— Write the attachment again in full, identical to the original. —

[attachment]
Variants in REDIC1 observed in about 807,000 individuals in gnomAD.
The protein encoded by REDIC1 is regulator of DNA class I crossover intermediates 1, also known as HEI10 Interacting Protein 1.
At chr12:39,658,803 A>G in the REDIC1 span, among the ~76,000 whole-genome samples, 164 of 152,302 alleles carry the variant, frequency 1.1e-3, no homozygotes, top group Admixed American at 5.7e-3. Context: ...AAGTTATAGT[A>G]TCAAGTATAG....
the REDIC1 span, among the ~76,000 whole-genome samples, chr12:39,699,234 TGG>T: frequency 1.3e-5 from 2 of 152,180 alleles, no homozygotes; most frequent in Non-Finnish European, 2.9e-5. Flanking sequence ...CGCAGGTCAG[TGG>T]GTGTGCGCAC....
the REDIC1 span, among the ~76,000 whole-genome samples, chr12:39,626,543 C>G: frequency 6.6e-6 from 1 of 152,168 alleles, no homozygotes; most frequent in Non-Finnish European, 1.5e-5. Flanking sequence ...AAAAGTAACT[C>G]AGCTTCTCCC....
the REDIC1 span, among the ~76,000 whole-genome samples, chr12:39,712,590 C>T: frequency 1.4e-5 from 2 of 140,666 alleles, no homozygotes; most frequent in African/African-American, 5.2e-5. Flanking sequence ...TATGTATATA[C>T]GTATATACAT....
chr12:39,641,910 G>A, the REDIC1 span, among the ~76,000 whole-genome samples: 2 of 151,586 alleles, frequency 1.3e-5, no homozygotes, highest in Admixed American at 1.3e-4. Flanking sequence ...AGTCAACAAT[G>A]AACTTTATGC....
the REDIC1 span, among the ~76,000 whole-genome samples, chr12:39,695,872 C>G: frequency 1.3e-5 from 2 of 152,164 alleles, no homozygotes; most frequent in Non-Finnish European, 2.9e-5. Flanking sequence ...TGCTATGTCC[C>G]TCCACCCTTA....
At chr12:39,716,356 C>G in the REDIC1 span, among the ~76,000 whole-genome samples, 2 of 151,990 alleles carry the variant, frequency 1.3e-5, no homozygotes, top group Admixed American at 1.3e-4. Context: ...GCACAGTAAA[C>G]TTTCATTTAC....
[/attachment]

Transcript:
Variants in REDIC1 observed in about 807,000 individuals in gnomAD.
The protein encoded by REDIC1 is regulator of DNA class I crossover intermediates 1, also known as HEI10 Interacting Protein 1.
At chr12:39,658,803 A>G in the REDIC1 span, among the ~76,000 whole-genome samples, 164 of 152,302 alleles carry the variant, frequency 1.1e-3, no homozygotes, top group Admixed American at 5.7e-3. Context: ...AAGTTATAGT[A>G]TCAAGTATAG....
the REDIC1 span, among the ~76,000 whole-genome samples, chr12:39,699,234 TGG>T: frequency 1.3e-5 from 2 of 152,180 alleles, no homozygotes; most frequent in Non-Finnish European, 2.9e-5. Flanking sequence ...CGCAGGTCAG[TGG>T]GTGTGCGCAC....
the REDIC1 span, among the ~76,000 whole-genome samples, chr12:39,626,543 C>G: frequency 6.6e-6 from 1 of 152,168 alleles, no homozygotes; most frequent in Non-Finnish European, 1.5e-5. Flanking sequence ...AAAAGTAACT[C>G]AGCTTCTCCC....
the REDIC1 span, among the ~76,000 whole-genome samples, chr12:39,712,590 C>T: frequency 1.4e-5 from 2 of 140,666 alleles, no homozygotes; most frequent in African/African-American, 5.2e-5. Flanking sequence ...TATGTATATA[C>T]GTATATACAT....
chr12:39,641,910 G>A, the REDIC1 span, among the ~76,000 whole-genome samples: 2 of 151,586 alleles, frequency 1.3e-5, no homozygotes, highest in Admixed American at 1.3e-4. Flanking sequence ...AGTCAACAAT[G>A]AACTTTATGC....
the REDIC1 span, among the ~76,000 whole-genome samples, chr12:39,695,872 C>G: frequency 1.3e-5 from 2 of 152,164 alleles, no homozygotes; most frequent in Non-Finnish European, 2.9e-5. Flanking sequence ...TGCTATGTCC[C>G]TCCACCCTTA....
At chr12:39,716,356 C>G in the REDIC1 span, among the ~76,000 whole-genome samples, 2 of 151,990 alleles carry the variant, frequency 1.3e-5, no homozygotes, top group Admixed American at 1.3e-4. Context: ...GCACAGTAAA[C>G]TTTCATTTAC....